32 Years at Samsung in R&DKim says he still remembers his first day at Samsung. “December 26, 1984,” he recalls. “I’m one of three people left who started on that day.”
Samsung was a much different company at the time. It didn’t have a printer division, although there was one for typewriters. “We were much smaller back then,” he says understatedly. Today, of course, Samsung Electronics is a global leader, with about 319,000 employees all around the world.
As the company grew over the years, company culture changed tremendously as well. “Before, when we had to do a new firmware build, everyone would stay in the office coding until the final build was done,” he says. “But these days, I can go home and work from home when I’m needed.”
“So it’s getting globalised. Now we have eight different labs worldwide, and we have to respect the engineers’ time, give them flexibility.”
Kim notes that Samsung Electronics has taken three big steps since he joined – in semiconductors, in televisions and in smartphones, becoming a worldwide leader in each category. “Now, we’re trying to make that same kind of leap in the printing industry,” he says. “There’s a change coming with mobility and the cloud, which we think we can leverage to change the game.”
For Kim, the Platinum rating from BLI is a sign of how Samsung’s approach is bearing fruit. “Developing these very robust printers was really challenging and it was really costly, in terms of technology and people,” he says.
With the technology in place, Kim says the company’s focus is shifting to market outreach. “The copier market is very much relationship-based,” he says, noting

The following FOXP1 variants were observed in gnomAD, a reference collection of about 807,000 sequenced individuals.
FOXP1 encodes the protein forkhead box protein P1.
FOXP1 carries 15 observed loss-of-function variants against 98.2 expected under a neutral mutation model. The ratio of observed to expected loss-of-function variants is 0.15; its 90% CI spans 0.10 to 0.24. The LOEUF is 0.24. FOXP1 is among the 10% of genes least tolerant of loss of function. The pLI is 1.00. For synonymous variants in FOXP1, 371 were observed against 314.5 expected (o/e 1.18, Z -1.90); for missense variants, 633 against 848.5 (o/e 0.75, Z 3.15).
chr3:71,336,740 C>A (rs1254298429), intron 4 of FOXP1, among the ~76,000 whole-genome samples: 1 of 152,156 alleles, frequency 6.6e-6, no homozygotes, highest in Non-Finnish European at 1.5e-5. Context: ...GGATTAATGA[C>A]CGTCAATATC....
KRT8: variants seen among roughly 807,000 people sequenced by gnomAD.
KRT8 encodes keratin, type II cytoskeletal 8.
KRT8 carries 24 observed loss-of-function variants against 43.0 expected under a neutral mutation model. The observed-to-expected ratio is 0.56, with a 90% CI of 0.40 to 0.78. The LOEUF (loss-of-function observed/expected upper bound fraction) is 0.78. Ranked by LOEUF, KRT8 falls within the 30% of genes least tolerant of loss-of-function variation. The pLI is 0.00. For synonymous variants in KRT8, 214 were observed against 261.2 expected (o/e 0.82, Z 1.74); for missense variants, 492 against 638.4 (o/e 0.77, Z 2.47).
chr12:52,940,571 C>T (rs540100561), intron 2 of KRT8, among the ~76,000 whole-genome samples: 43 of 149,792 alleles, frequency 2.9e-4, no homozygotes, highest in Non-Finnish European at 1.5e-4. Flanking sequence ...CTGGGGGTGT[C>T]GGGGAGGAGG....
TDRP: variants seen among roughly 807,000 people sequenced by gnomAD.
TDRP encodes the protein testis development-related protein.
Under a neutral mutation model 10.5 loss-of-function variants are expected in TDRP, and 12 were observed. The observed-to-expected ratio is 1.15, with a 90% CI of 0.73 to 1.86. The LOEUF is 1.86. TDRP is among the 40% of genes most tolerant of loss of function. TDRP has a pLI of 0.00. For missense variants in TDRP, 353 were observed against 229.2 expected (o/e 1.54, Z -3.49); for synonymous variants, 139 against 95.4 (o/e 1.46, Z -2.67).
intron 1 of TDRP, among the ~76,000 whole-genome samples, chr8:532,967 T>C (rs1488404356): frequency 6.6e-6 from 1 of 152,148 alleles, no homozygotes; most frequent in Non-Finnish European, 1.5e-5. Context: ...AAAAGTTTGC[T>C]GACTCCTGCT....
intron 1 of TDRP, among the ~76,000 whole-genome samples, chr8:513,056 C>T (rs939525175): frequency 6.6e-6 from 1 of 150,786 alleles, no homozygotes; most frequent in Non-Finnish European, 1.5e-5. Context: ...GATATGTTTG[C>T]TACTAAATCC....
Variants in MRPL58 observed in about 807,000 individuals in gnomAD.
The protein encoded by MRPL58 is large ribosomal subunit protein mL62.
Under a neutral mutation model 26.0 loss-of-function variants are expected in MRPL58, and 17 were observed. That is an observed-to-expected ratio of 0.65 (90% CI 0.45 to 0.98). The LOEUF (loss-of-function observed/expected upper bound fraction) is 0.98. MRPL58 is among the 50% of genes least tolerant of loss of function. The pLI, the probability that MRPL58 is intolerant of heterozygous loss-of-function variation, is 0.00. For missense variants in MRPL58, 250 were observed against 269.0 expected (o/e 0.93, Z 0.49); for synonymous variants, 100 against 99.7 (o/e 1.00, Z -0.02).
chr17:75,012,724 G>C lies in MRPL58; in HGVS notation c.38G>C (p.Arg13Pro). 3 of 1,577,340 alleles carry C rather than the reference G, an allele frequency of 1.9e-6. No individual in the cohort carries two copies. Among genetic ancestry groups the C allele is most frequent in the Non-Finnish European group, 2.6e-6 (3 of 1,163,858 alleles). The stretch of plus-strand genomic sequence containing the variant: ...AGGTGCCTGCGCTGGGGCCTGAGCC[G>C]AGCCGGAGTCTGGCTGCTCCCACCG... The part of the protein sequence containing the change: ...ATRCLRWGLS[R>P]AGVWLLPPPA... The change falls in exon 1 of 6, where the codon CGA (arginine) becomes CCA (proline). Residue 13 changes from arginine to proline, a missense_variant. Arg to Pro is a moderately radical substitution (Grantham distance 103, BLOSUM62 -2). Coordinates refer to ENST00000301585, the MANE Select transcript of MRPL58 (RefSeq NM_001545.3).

that the only ways to break into existing relationships are by “buying your way in” (something he doesn’t rule out), or “by giving people enough reason to believe.”
Which is why Samsung is so focused on building relationships with dealers and partners these days. “Just in the last month, we’ve had visitors from the U.S., Australia and Italy. One way to build relationships is to have them come here, to Digital City, Samsung’s headquarters in Suwon, near Seoul. Until they see the massive location here, they don’t really believe how much Samsung has to offer. But once they come here to see it for themselves, they change their minds.”
Kim also affirms that the company remains committed to its goal of becoming a “top tier” printing company by 2020. “It’s defined by the number of machines in the field,” he says. “To become second-tier,
you need at least 1.5 million machines worldwide and we are nearly there. Once we become second-tier, it’s just a matter of time until we become first tier. We just need to work hard and be ‘disruptive’, to give people a reason to believe in our solutions.”
Trailblazing for Samsung’s B2B Future
Moving into B2B is a major part of Samsung Electronics’ vision for the future,and Kim says that printing is leading the way. “It’s a future growth engine,” he says. “It’s a trailblazer for the B2B business at Samsung.”
After 32 years of relentless development, Kim understands that the future never rests. The BLI Platinum rating was a great shot-in-the-arm, but the company will not stop innovating until it reaches the “top tier” by 2020. Samsung Printing Solutions, with its Smart UX Center, is now ready to become a leader in the smart printing industry.
To find out more about Samsung printers and new Samsung solutions for end users and resellers, including the groundbreaking Samsung Channel MPS Print+ programme, please visit www.samsung.co.uk.